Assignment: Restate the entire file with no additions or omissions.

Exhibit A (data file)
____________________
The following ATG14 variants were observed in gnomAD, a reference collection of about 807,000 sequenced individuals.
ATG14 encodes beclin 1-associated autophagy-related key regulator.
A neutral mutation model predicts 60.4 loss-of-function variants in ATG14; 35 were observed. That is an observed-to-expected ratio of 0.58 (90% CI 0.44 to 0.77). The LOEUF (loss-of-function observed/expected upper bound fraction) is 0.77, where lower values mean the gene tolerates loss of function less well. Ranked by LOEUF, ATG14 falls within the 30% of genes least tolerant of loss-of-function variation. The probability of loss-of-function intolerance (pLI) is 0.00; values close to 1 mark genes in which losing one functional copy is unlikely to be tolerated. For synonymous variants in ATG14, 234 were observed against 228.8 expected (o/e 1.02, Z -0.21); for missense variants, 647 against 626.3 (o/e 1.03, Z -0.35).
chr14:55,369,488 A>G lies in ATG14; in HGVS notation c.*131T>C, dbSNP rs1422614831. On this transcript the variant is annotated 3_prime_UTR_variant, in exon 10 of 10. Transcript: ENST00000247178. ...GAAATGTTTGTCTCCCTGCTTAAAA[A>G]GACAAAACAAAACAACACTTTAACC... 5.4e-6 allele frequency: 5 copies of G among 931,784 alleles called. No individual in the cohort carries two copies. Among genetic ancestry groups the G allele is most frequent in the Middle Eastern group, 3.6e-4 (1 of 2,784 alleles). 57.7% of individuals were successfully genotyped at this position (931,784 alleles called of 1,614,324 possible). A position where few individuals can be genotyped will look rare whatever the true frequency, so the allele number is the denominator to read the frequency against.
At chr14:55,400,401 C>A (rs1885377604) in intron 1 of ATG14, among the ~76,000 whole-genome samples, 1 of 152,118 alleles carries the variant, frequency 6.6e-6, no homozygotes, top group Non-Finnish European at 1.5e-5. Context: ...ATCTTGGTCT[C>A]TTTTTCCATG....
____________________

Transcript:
The following ATG14 variants were observed in gnomAD, a reference collection of about 807,000 sequenced individuals.
ATG14 encodes beclin 1-associated autophagy-related key regulator.
A neutral mutation model predicts 60.4 loss-of-function variants in ATG14; 35 were observed. That is an observed-to-expected ratio of 0.58 (90% CI 0.44 to 0.77). The LOEUF (loss-of-function observed/expected upper bound fraction) is 0.77, where lower values mean the gene tolerates loss of function less well. Ranked by LOEUF, ATG14 falls within the 30% of genes least tolerant of loss-of-function variation. The probability of loss-of-function intolerance (pLI) is 0.00; values close to 1 mark genes in which losing one functional copy is unlikely to be tolerated. For synonymous variants in ATG14, 234 were observed against 228.8 expected (o/e 1.02, Z -0.21); for missense variants, 647 against 626.3 (o/e 1.03, Z -0.35).
chr14:55,369,488 A>G lies in ATG14; in HGVS notation c.*131T>C, dbSNP rs1422614831. On this transcript the variant is annotated 3_prime_UTR_variant, in exon 10 of 10. Transcript: ENST00000247178. ...GAAATGTTTGTCTCCCTGCTTAAAA[A>G]GACAAAACAAAACAACACTTTAACC... 5.4e-6 allele frequency: 5 copies of G among 931,784 alleles called. No individual in the cohort carries two copies. Among genetic ancestry groups the G allele is most frequent in the Middle Eastern group, 3.6e-4 (1 of 2,784 alleles). 57.7% of individuals were successfully genotyped at this position (931,784 alleles called of 1,614,324 possible). A position where few individuals can be genotyped will look rare whatever the true frequency, so the allele number is the denominator to read the frequency against.
At chr14:55,400,401 C>A (rs1885377604) in intron 1 of ATG14, among the ~76,000 whole-genome samples, 1 of 152,118 alleles carries the variant, frequency 6.6e-6, no homozygotes, top group Non-Finnish European at 1.5e-5. Context: ...ATCTTGGTCT[C>A]TTTTTCCATG....